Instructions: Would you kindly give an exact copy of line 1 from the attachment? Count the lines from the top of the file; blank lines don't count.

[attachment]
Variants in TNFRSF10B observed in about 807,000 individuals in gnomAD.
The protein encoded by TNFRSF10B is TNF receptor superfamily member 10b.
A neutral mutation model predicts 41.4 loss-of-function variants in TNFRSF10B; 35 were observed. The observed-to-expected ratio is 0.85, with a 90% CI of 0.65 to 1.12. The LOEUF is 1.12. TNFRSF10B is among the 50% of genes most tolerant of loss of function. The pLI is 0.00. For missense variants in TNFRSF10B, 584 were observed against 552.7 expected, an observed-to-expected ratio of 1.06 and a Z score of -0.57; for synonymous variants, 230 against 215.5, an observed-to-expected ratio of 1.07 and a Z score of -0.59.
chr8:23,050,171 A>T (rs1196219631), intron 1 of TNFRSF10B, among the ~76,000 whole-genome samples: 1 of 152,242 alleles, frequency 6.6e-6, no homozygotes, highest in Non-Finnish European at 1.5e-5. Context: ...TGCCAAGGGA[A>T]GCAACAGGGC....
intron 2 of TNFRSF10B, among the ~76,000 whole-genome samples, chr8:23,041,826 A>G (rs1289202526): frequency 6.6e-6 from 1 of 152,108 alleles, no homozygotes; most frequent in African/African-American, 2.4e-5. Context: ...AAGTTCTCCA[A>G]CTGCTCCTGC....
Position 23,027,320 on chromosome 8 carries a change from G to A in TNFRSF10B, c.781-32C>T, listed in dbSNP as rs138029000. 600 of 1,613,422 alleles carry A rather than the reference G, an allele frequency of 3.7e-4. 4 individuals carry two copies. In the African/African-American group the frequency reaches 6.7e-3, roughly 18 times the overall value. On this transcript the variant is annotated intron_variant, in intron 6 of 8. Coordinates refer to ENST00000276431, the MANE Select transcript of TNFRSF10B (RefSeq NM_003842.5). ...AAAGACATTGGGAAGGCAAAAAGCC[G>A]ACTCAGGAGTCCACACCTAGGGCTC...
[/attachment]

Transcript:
Variants in TNFRSF10B observed in about 807,000 individuals in gnomAD.